“This was my first time attending the Women in Textiles Summit and it did not disappoint!” Wade said. “There is nothing that can compare to the energy and comradery of a group of women who are on a mission to support and build up each other. And that’s exactly what this conference is all about. I met a lot of new friends and industry contacts and look forward to meeting more at the next Women in Textiles Summit.”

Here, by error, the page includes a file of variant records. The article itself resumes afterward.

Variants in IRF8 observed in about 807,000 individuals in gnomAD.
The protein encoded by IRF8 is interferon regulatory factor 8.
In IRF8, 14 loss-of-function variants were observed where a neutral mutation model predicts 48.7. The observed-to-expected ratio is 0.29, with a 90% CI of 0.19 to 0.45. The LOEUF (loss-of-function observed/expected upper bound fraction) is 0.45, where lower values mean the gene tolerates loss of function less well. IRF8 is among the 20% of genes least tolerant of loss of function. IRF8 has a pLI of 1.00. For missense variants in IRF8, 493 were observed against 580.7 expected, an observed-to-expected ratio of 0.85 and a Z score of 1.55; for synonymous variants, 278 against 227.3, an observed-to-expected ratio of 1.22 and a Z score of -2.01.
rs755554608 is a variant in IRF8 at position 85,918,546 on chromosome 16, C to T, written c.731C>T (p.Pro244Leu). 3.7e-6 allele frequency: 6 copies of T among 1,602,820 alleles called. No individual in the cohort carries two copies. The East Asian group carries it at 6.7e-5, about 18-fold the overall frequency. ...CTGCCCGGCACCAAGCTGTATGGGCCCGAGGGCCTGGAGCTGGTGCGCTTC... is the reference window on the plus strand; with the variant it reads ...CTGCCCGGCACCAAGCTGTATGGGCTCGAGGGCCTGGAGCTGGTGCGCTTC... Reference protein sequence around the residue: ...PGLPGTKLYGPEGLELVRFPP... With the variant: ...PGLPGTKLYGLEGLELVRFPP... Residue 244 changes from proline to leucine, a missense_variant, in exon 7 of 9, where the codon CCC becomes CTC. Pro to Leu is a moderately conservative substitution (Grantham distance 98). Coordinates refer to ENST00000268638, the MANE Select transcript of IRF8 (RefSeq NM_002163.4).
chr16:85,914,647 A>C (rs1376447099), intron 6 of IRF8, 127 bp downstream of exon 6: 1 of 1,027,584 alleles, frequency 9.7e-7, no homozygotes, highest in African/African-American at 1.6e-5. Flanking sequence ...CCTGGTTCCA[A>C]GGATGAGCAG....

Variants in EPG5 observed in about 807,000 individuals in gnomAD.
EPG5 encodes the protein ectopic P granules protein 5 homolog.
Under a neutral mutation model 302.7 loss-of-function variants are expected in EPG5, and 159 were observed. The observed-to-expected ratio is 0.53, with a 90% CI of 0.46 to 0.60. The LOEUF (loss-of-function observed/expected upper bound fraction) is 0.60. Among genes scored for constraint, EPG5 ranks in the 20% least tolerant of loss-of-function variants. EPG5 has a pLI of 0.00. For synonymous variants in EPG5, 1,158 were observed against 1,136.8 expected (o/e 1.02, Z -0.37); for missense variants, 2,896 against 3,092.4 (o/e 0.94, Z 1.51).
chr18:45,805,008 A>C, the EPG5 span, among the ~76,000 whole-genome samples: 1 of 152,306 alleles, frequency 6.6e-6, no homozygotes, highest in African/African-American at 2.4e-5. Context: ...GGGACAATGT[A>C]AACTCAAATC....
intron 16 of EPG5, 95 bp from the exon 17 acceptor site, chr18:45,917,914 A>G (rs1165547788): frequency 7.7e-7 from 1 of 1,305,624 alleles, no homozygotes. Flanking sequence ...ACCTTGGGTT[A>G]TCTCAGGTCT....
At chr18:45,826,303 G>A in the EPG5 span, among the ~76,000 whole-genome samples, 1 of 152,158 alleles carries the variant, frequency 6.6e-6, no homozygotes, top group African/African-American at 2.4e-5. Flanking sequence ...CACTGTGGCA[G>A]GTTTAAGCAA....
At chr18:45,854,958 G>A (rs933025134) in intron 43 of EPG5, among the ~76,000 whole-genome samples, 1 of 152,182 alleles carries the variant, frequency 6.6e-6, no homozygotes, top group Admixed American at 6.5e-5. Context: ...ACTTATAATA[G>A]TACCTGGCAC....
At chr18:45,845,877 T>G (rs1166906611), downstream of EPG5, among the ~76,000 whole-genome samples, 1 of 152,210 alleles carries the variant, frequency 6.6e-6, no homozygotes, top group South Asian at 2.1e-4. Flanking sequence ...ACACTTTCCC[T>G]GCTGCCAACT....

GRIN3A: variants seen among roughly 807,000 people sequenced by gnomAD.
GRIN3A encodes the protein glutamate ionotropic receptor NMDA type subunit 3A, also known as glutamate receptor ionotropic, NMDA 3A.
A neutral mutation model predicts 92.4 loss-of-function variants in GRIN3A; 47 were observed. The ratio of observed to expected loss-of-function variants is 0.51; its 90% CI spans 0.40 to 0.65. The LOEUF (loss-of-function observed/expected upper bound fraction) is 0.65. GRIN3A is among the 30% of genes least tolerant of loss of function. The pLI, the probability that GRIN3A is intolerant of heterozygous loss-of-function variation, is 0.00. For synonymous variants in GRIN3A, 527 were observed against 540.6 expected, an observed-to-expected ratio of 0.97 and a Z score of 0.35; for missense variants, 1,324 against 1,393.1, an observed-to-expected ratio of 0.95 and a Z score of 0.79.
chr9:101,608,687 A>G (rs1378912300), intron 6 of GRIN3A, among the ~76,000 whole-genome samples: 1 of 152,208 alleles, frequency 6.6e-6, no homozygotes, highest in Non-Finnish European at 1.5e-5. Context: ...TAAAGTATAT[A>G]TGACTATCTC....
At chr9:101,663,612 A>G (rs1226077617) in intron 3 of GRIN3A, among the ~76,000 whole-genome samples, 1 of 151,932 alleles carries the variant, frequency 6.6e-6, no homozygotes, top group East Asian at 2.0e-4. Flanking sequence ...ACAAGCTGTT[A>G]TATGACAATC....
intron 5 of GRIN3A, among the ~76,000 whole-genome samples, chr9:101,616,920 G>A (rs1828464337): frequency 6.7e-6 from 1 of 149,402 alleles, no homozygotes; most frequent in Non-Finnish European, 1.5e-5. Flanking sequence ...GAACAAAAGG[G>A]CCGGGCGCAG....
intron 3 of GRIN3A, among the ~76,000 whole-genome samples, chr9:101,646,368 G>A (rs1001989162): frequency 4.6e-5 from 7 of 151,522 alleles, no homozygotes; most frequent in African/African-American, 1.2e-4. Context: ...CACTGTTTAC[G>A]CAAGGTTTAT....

In a poignant Opening Day keynote, “Pivots & Pirouettes for the Post-Pandemic World,” Mary-Cathryn Kolb, founder & CEO of Atlanta-based brrr°, explained the challenges and opportunities she has experienced since launching the company in 2014, the pandemic notwithstanding. She said the highs are high and the lows are low — but the experience of entrepreneurship, especially now that the company is reaching the “tipping point of it being a fun ride,” is deeply fulfilling. Kolb discussed the devastating impacts of the pandemic and subsequent supply chain disruptions to her business, which pushed her team to look inward, strengthen as a team and emerge poised for growth.